Source: Authors’ survey on automation in manufacturing, UN Comtrade data, and register data from Statistics Denmark

Model description and external validation

The empirical model relates to the theoretical model suggested by Bloom et al. (2014) that proposes a positive relationship between innovation and import competition. Specifically, the theoretical model explains why firms that are more subjected to competition from China have larger incentive to innovate after trade is liberalised. The mechanism is driven by “temporarily trapped factors”, e.g. skilled workers that are costly to teach for the firm and, therefore, to fire because their firm-specific human capital is lost for the firm. The increasing competition from China lowers the demand for products that skilled workers produce. Because of the high training costs, the skilled workers keep their jobs in the firm, but their opportunity cost is reduced. Accordingly, the incentive for innovation in the firm increases after trade liberalisation as the opportunity cost of skilled workers has truly gone down. Bloom et al. (2016) establish empirical support for the model and investigate the result of Chinese import competition on innovation across twelve Europe.

Finally, we investigate if the automation measures are significantly connected with measures of firm performance. The analysis is ways to determine whether our survey contains important info on automation and not simply white noise. We find that increasing usage of automation is significantly connected with higher productivity growth and increases in profitability. The relationships are robust to an array of control variables including skill shares, other production factors, and industry dummies interacted with region dummies. These results offer some external validation of the automation survey.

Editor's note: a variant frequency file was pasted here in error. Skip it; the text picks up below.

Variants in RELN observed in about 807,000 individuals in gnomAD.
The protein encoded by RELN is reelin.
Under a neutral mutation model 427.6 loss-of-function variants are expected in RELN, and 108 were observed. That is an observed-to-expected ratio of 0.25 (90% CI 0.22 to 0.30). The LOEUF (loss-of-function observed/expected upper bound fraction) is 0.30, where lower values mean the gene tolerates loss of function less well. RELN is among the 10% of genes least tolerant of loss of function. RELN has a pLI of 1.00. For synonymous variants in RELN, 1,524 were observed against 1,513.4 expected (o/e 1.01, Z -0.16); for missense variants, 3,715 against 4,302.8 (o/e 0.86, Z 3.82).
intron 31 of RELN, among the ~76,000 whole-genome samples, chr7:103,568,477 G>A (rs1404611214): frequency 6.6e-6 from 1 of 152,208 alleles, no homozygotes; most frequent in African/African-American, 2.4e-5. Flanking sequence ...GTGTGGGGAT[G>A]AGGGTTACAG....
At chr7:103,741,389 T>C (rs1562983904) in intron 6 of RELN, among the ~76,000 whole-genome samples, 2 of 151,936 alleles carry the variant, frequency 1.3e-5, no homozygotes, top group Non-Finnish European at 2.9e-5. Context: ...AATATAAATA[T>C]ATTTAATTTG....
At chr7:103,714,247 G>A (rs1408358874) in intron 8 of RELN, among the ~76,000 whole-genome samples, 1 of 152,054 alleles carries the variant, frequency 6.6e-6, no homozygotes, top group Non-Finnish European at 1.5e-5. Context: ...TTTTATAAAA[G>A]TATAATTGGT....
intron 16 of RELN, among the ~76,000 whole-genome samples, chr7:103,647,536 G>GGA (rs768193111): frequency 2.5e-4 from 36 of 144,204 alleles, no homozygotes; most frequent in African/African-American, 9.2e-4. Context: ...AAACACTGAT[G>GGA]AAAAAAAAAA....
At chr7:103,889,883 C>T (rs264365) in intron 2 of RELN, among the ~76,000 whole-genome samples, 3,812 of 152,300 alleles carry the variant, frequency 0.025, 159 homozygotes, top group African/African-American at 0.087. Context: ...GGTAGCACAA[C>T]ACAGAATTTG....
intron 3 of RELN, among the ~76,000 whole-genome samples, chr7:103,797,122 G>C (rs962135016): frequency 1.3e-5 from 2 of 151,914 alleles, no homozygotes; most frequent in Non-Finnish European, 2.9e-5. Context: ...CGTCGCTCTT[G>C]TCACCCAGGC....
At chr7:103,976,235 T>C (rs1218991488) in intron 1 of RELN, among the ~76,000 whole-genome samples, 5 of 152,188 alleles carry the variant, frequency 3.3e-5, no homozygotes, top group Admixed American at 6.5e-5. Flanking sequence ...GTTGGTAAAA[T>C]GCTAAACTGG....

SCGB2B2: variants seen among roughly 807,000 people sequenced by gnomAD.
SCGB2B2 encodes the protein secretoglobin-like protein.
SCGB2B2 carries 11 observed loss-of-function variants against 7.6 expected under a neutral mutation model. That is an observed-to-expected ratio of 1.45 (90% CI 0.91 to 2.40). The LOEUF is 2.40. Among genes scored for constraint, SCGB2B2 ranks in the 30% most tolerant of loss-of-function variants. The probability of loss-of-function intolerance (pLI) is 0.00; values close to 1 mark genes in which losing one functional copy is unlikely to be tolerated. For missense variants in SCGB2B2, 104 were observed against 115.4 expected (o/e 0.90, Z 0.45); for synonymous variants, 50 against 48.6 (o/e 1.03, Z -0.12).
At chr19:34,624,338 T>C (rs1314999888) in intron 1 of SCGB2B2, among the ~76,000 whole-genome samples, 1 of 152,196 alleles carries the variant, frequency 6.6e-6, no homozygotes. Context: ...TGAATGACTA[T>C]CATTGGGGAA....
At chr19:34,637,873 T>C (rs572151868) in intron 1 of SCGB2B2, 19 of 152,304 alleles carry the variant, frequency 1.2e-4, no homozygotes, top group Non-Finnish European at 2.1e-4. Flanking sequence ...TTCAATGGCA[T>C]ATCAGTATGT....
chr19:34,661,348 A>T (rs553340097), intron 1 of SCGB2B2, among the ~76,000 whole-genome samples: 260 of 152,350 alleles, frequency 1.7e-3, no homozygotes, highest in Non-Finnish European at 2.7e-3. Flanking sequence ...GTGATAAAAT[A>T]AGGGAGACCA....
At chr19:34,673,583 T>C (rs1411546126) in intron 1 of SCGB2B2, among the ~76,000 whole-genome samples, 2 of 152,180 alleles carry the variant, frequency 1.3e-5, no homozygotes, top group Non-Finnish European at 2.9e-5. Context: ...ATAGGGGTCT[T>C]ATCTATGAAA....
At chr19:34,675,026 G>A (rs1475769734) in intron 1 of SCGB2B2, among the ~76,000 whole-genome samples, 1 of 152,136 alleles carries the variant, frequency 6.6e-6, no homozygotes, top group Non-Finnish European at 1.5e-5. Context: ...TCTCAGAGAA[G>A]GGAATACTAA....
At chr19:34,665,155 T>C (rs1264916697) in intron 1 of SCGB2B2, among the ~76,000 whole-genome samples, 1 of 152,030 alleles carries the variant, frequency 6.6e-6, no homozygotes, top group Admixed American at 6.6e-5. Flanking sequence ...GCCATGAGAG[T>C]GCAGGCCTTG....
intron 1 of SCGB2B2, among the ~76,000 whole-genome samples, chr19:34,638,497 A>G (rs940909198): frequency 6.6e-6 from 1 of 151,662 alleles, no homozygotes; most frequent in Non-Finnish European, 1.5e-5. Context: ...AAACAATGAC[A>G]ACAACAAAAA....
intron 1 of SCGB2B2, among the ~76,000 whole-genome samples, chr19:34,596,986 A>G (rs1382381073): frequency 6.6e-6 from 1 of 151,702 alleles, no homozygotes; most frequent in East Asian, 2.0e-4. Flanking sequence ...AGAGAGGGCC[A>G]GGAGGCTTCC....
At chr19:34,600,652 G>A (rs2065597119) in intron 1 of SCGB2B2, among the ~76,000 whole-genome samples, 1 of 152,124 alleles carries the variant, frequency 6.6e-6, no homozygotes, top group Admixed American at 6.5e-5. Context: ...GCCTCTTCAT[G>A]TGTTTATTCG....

Concluding remarks

As discussed above, the variation in automation across firms is high. A first-order policy question comes from this result, which is really as follows. Is the lack of adoption of technology sub-optimal and therefore motivates policy intervention or may be the lack of adoption optimal implying that firms usually do not automate because they’re specialised in products where production shouldn’t be automated?

The close collaboration with skillfully developed and production managers, during firm visits completed through the development of the automation survey, suggested that the reduced use of automation somewhat is due to a specific lack of the required skills and resources to research the firms’ needs, possibilities for automation, and automation planning the factory floor. The production managers weren’t unaware that automation technologies existed, however they were lacking knowledge or awareness regarding the precise technologies that they could spend money on, on how best to implement these, and which production processes to automate. In this sense, information barriers could be a significant market failure that potentially justifies policy intervention.